His crowning achievement was to insinuate himself into President Kennedy's Inaugural Ball. There the tuxedoed Berman was, according to a subsequent article in Life, "standing in the lobby of the Mayflower Hotel, when he spotted a ticket to one of the inaugural balls lying on the floor." He used that to attend first one, and then another, where he met a woman member of the ball committee, who "assuming he was a bewildered dignitary, motioned him to follow her. The next thing he knew, he was standing next to the presidential box, and the band was playing 'Hail To The Chief'. Naturally, when the presidential party sailed in, Stanley piled right along with them, settling himself next to the president's father in the chair reserved for brother Bobby."
Final words should go to Matthew Bell, the Independent on Sunday diarist, a man of many party ruses, most of which work. He says: "The easiest way to gatecrash a party if you suspect security is going to be tight is to find an alternative entrance – the back door, the kitchens, the staff entrance etc. For example, at a recent party given by The Sunday Times at a top London hotel I noticed a great clump of doorstaff, with clipboards, outside the main entrance to the large ballroom-type area where the party was, but obviously big rooms have more than one set of doors, so I walked along the corridor to the next set I could find and slipped in. The mistake was later to admit my identity in conversation with the editor who didn't recall inviting me, but by then he was merry enough not to care. It's much more embarrassing for someone giving a party to throw someone out than it is for the gatecrasher to be spotted.
"But there are limits as to what parties should be crashed. Most London parties are fair game as they are usually promoting something or funded by big companies who can afford a few extras. But weddings are out of bounds, although I know one woman who couldn't bear to be left out and on one occasion drove to a wedding in Scotland despite not having been invited. She had come so far they could hardly turn her away."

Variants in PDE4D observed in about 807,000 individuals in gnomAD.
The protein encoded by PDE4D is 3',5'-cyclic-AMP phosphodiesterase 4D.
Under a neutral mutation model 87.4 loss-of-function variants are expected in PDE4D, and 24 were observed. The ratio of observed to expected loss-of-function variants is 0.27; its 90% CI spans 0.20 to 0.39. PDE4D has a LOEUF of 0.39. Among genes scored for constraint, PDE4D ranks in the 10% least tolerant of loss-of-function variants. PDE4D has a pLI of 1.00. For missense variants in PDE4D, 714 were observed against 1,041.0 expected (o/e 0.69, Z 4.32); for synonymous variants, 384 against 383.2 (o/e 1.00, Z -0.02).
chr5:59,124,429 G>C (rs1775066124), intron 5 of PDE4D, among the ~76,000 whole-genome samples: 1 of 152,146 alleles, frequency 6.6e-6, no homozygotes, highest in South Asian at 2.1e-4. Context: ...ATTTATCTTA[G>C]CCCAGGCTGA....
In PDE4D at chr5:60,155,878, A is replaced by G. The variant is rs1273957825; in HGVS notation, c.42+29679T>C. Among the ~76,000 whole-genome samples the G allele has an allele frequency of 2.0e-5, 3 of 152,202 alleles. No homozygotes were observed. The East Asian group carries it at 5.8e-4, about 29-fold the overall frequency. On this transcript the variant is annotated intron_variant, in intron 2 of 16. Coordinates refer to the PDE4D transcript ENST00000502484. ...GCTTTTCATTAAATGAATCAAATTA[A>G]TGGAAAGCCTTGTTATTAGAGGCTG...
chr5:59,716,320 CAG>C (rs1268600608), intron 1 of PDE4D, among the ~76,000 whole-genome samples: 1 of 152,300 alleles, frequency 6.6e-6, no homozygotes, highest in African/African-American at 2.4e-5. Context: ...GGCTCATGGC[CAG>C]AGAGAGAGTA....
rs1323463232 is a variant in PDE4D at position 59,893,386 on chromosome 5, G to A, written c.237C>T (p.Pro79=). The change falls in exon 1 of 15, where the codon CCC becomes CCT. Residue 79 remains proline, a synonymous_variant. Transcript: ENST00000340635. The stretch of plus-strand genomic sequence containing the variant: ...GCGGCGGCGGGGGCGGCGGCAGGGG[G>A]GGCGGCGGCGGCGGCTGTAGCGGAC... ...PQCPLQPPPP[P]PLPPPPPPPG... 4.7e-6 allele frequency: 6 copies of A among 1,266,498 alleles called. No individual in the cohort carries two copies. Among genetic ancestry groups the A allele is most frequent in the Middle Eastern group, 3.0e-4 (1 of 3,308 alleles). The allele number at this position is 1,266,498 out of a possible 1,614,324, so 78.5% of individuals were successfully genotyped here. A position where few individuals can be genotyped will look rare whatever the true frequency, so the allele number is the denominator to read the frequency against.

Not on the guest list: Great gatecrashers of our time
Fetchingly attired in a false beard, turban and pink dress, Aaron Barschak stormed Prince William's 21st birthday party in Windsor Castle in 2003 as the "comedy terrorist". Police arrested him only after he attempted to storm the stage while the prince was making a speech.
David Hampton claimed he was Sydney Poitier's son, David, in order to gatecrash a string of parties and scrounge free meals from celebrities including Melanie Griffiths and Calvin Klein. His story was later made into the film Six Degrees of Separation.
Notorious prankster Karl Power, otherwise known as "Fat Neck", managed to pose for the team photo with Manchester United ahead of their European Cup game against Bayern Munich in 2001. Later he walked out to bat for England at Headingly in full whites, but was recognised as soon as he removed his helmet.
Jarvis Cocker may have been on the guest list for the 1996 Brit awards, but he wasn't meant to cavort across the stage as Michael Jackson performed. The Pulp singer jumped on to the platform throwing dismissive hand gestures in protest at the singer's messianic pose amid a group of adoring children.Reuse content